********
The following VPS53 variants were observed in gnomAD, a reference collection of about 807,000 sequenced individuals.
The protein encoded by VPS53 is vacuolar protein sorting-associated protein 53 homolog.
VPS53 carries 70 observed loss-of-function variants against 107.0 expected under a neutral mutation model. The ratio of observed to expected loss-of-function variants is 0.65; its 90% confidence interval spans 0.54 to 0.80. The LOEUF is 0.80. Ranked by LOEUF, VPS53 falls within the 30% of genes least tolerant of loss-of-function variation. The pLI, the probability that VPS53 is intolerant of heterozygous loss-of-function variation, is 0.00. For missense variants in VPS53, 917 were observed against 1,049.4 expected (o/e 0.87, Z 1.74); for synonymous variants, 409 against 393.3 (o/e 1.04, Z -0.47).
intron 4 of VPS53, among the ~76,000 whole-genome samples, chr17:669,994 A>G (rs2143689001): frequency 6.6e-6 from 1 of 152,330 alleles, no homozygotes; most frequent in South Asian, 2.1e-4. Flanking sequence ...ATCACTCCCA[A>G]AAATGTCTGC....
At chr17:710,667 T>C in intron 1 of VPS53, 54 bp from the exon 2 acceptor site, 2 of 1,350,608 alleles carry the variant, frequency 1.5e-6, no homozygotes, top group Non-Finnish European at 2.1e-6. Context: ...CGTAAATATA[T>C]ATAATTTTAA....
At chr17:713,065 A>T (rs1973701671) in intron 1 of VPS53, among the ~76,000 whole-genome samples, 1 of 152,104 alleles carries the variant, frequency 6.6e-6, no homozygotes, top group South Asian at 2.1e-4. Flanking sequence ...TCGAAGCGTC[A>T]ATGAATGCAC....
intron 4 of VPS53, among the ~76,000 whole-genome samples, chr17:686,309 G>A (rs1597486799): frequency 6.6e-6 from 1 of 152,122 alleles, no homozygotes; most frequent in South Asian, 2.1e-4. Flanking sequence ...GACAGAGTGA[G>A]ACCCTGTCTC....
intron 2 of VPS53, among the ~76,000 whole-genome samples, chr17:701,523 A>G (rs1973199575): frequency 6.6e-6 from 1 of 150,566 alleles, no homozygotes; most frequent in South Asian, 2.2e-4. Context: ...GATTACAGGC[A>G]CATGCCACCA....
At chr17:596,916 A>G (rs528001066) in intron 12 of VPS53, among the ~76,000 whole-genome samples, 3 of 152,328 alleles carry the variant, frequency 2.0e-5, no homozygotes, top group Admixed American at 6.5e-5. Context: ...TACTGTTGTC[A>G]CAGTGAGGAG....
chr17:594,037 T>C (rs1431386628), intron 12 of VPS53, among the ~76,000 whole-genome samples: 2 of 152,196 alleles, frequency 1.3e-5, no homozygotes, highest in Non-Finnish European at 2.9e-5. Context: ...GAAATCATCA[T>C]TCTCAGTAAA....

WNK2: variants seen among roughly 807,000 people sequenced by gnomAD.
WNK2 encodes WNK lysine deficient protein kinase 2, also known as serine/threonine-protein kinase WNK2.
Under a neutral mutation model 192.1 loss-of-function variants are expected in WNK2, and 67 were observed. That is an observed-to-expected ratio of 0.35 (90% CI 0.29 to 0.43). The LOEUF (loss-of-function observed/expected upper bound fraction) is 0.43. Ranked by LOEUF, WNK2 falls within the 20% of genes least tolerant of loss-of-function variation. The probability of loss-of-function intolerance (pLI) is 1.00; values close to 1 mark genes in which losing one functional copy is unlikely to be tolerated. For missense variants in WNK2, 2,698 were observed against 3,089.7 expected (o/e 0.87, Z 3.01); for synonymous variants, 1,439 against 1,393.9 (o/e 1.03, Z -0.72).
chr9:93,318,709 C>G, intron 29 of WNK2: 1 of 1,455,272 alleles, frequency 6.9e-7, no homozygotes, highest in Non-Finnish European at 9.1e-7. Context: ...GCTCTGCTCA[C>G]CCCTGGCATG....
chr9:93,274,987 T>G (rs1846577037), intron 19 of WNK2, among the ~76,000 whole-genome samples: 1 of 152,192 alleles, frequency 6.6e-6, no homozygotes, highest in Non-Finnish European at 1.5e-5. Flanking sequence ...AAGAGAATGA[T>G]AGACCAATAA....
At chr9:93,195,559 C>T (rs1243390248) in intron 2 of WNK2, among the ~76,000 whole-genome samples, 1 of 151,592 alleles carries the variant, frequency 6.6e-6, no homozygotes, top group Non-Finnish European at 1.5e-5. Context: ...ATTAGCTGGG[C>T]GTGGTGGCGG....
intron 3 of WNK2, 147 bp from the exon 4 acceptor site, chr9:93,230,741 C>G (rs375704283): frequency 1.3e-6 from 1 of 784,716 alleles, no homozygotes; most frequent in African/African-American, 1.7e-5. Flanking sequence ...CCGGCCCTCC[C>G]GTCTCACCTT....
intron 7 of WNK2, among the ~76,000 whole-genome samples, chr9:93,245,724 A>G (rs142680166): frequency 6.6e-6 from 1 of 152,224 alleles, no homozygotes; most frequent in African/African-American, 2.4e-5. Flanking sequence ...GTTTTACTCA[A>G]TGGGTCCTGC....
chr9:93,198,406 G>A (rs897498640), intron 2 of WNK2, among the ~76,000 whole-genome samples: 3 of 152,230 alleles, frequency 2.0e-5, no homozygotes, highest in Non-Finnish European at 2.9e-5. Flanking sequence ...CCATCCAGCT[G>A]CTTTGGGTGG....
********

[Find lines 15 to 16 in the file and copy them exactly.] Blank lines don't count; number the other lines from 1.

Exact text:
chr9:93,274,987 T>G (rs1846577037), intron 19 of WNK2, among the ~76,000 whole-genome samples: 1 of 152,192 alleles, frequency 6.6e-6, no homozygotes, highest in Non-Finnish European at 1.5e-5. Flanking sequence ...AAGAGAATGA[T>G]AGACCAATAA....
At chr9:93,195,559 C>T (rs1243390248) in intron 2 of WNK2, among the ~76,000 whole-genome samples, 1 of 151,592 alleles carries the variant, frequency 6.6e-6, no homozygotes, top group Non-Finnish European at 1.5e-5. Context: ...ATTAGCTGGG[C>T]GTGGTGGCGG....